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China has built a huge military presence in the region, and observers have warned of a terrifying weapon which could pose yet more of a threat to US vessels. China’s long term ambitions in the South China Sea were accompanied by the development of a weapon called ‘Assassin’s Mace’. It is a unique missile that has generated heavy interest in military circles over the past five years. When unveiled in 2015, Beijing boasted about the weapon formally known as the Dongfeng 21D. The DF-26 has the potential to reach US military bases on Guam with its range of 1,800 to 2,500 miles.
The missile could also be a threat to US carriers if equipped with an anti-ship ballistic missile warhead, due to its targeting capability.
Estimates have suggested the missile has a range of up to 1,000 miles and may be able to travel up to 10 times the speed of sound, making it virtually impossible to intercept once launched.
Another threat in the South China Sea posed by Beijing is the increased presence of nuclear submarines.
In 2014, China deployed the Jin-class ballistic missile submarine for the first time, each armed with 12 JL-2 nuclear missiles.
Operating from a state-of-the-art base near Sanya, on Hainan island’s southernmost tip, Jin-class submarines started patrolling the depths of the South China Sea.
But in order to be within range of the US, they had to be able to break out into the Pacific Ocean.
Roughly contiguous to China’s “nine-dash line” territorial claim in the South China Sea, the continental shelf drops to a deep basin of around 4,000m, offering better cover for submarines.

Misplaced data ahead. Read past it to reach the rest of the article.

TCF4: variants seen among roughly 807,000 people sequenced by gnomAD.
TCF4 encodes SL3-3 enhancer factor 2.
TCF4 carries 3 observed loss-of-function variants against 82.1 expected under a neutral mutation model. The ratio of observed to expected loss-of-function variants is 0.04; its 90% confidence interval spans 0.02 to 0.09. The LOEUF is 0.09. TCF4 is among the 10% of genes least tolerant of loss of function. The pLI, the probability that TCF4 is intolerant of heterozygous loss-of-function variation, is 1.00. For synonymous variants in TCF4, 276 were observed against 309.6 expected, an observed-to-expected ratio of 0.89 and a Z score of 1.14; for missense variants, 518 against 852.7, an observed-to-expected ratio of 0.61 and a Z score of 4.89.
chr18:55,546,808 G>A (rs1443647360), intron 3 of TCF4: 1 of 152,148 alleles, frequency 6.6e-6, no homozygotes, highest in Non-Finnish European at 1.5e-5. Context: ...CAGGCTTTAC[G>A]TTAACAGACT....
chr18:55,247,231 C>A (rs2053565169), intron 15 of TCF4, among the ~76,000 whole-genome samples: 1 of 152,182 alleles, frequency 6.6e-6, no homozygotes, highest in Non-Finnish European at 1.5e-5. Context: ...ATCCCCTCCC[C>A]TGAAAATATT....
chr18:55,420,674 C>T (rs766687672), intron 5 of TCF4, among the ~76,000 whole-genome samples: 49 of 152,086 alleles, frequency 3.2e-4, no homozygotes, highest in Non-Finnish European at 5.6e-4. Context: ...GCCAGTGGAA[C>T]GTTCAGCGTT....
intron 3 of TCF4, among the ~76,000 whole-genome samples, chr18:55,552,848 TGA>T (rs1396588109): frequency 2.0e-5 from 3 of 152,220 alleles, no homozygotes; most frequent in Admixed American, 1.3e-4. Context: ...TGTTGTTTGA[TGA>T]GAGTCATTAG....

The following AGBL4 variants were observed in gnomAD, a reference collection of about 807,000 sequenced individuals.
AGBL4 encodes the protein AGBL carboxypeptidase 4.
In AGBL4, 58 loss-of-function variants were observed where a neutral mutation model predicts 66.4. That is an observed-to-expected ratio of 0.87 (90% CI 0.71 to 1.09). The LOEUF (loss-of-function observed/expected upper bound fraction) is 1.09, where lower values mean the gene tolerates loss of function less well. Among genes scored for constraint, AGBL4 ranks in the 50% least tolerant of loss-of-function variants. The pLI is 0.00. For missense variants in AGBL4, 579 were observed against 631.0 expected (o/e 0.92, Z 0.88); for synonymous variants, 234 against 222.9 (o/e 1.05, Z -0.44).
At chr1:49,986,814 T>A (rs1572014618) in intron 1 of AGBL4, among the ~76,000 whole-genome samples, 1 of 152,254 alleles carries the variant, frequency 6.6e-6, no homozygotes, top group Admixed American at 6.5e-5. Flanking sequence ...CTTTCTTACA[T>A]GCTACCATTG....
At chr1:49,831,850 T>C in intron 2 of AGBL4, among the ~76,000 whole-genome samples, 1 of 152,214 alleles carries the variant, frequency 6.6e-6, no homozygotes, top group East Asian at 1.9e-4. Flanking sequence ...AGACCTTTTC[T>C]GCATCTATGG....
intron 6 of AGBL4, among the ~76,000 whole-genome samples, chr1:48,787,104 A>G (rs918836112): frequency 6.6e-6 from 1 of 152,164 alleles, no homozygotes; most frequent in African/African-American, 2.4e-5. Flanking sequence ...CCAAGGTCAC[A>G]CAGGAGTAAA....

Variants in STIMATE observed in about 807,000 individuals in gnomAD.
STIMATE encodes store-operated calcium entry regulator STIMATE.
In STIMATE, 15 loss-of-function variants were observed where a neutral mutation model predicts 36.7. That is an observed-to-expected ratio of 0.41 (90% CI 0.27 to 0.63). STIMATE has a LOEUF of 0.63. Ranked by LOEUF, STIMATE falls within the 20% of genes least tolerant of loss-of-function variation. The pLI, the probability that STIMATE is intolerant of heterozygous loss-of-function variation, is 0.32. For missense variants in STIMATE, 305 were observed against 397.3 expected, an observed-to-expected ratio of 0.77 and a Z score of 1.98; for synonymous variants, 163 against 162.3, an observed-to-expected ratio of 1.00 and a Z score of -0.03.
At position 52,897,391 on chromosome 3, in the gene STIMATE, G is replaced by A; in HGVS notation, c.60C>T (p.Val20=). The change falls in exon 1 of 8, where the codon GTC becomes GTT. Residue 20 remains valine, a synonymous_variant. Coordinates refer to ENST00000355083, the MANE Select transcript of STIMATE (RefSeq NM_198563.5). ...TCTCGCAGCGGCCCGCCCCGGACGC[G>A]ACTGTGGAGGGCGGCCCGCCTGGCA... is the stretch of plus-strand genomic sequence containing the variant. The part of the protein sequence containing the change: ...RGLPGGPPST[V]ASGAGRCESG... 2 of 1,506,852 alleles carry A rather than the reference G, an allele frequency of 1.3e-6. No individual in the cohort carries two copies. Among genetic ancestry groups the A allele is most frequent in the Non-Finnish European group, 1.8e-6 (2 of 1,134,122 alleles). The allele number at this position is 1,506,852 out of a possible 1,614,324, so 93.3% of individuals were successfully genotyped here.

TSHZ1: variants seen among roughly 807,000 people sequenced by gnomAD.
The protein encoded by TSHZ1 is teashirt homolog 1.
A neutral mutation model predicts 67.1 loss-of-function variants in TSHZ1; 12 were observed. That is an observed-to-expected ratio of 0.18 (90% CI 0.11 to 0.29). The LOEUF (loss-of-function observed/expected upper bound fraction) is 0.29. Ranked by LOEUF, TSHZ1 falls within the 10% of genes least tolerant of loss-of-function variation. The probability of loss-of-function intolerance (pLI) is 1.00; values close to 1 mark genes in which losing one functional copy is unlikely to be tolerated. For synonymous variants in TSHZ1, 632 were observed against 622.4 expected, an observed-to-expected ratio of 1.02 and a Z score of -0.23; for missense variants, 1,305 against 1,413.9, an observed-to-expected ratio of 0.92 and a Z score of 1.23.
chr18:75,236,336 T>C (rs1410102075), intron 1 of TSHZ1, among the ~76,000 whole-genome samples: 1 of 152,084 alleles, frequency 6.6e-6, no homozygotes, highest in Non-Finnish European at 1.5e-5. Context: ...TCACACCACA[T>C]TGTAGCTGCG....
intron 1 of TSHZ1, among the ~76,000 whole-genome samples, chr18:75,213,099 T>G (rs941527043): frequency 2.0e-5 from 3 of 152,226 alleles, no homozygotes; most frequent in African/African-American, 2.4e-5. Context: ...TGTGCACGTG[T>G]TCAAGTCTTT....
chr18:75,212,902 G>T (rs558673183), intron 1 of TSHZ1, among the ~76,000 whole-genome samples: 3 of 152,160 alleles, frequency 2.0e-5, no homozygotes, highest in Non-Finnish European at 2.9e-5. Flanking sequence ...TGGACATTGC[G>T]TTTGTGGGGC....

That is why some experts believe the deeper waters of the South China Sea, and China’s enhanced anti-submarine efforts there, may offer a bastion for Chinese submarines in the future.
Analyst Alexander Neill warned in 2016 that nuclear submarines are central to China’s plans in the region.
He said in his BBC article: “Mounting concern within the People’s Liberation Army’s (PLA) over the vulnerability of its land-based nuclear deterrent and the ability to deliver a retaliatory second strike has prompted China to place some of its nuclear warheads on board submarines.”
A similar warning was made in a report by US group Asia Maritime Transparency Initiative, studying China’s island bases in the South China Sea.
The group says some buildings “host what are most likely anti-aircraft guns”, which have visible gun barrels in satellite images, while others are probably what it terms close-in weapons systems.
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AMTI said: “These gun and probable close-in weapons systems emplacements show that Beijing is serious about defence of its artificial islands in case of an armed contingency in the South China Sea.
“Among other things, they would be the last line of defence against cruise missiles launched by the United States or others against these soon-to-be-operational air bases.”
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